Running his fingers slowly over the finely etched casing, he unlatched the cover.  Inside he found these words engraved:

Jack, thank you for your time! Harold Belser.

“The thing he valued most was… my time,” Jack breathed.

He held the watch for a few minutes, then called Tutima gold pocket watch, approx 1929his office and cleared his appointments for the next two days.  “Why?” Janet, his assistant asked.

“I need some time to spend with my family,” he said. “And, by the way, Janet, thanks for your time!”

(Sent to me in 2005 via an email from a friend.)

A matter of time

Star Trek Time Travel Fan CollectiveA few weeks ago I bought the Star Trek: Time Travel Fan Collective.  It’s a collection of Star Trek shows from the different series that features tales of our Starfleet heroes going forwards and/or backwards through time.

The concept of time travel has always intrigued me.  I have awoken on more than one occasion from dreaming of going back to my high school or university days with knowledge of 2011…  Would I change anything?  Or would I make sure to leave everything the way it was?  I wonder, if you were given a time machine, would you visit the future or relive November 5, 1955?

Sometimes I think that the Word and Sacraments make time travel possible.  The Bible tells me what God has done in the past, who I am in the present, and the hope God’s people have for the future.  I exist in a continuum, blessed by those who have gone before and confident of God’s help and strength in the future.  Similar with the sacraments: Baptism gives us a picture of having died and been raised with Christ in the past, of Jesus washing us clean and renewing us for service in the present, and of us crossing the river into glory in the new heaven and new earth.  And the Lord’s Supper is a memorial of Jesus’ sacrifice on the cross in the past, a means by which the Holy Spirit nourishes us in the present, and a foretaste of the wedding banquet of the Lamb in the future.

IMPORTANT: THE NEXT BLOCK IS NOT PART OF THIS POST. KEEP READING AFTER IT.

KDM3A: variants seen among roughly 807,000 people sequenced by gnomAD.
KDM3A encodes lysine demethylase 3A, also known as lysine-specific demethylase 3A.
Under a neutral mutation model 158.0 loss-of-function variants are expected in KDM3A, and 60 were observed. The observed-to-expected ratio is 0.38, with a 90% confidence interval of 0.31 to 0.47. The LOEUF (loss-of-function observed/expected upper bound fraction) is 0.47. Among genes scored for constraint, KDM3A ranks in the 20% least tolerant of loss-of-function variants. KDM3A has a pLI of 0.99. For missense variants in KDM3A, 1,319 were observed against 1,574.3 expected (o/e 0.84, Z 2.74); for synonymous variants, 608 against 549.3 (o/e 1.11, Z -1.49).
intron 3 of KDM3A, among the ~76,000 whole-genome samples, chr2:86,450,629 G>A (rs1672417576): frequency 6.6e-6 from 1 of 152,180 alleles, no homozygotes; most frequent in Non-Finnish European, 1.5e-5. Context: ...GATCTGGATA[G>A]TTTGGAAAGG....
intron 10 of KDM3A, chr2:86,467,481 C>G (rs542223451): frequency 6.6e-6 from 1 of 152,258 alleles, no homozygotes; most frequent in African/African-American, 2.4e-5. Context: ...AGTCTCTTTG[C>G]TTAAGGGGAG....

Last but not least, the Word and Sacraments remind me of how God holds the past (which I cannot change) and the future (which I cannot predict) in His hands, freeing me and equipping me to serve Him with all I’ve got here and now.

PS: If you know why I chose November 5, 1955, let me know… We can be geeks together!

100

Milepost Apparently my last post was my 100th.  I started blogging at the beginning of January 2009, which means I blog on average just over once a week.  Once a week was my original goal.  Occasionally I feel I “have to” post something for all my fans (Hi, Mom!), but the vast majority of the time it’s a meaningful way for me to share things I’ve just discovered and to express things that I’m mulling over in my mind.

I wonder…  Where was I a hundred posts ago?  Who was I a hundred posts ago?  Perhaps better questions are: Where will I be and how will I have grown and in what ways will God have worked in my life a hundred posts from now?  Do you ever ask yourself questions like that?

Time flies.  As the late Rich Mullins once sang, “To say the time is short just means the time is now.”  As we try to make every moment count, I try to make every blog post count.

The number 100 quickly reminds me of Five for Fighting’s song “100 Years,” a song that’s often caught me pondering the passage of time and numbering my days aright.


PS:
A couple tweaks to the site:  At the top of the page, interviews I’ve done are listed by clicking “RTRP.”  At the bottom of the page, you can sign up to receive notices via email or RSS feed when I post something new.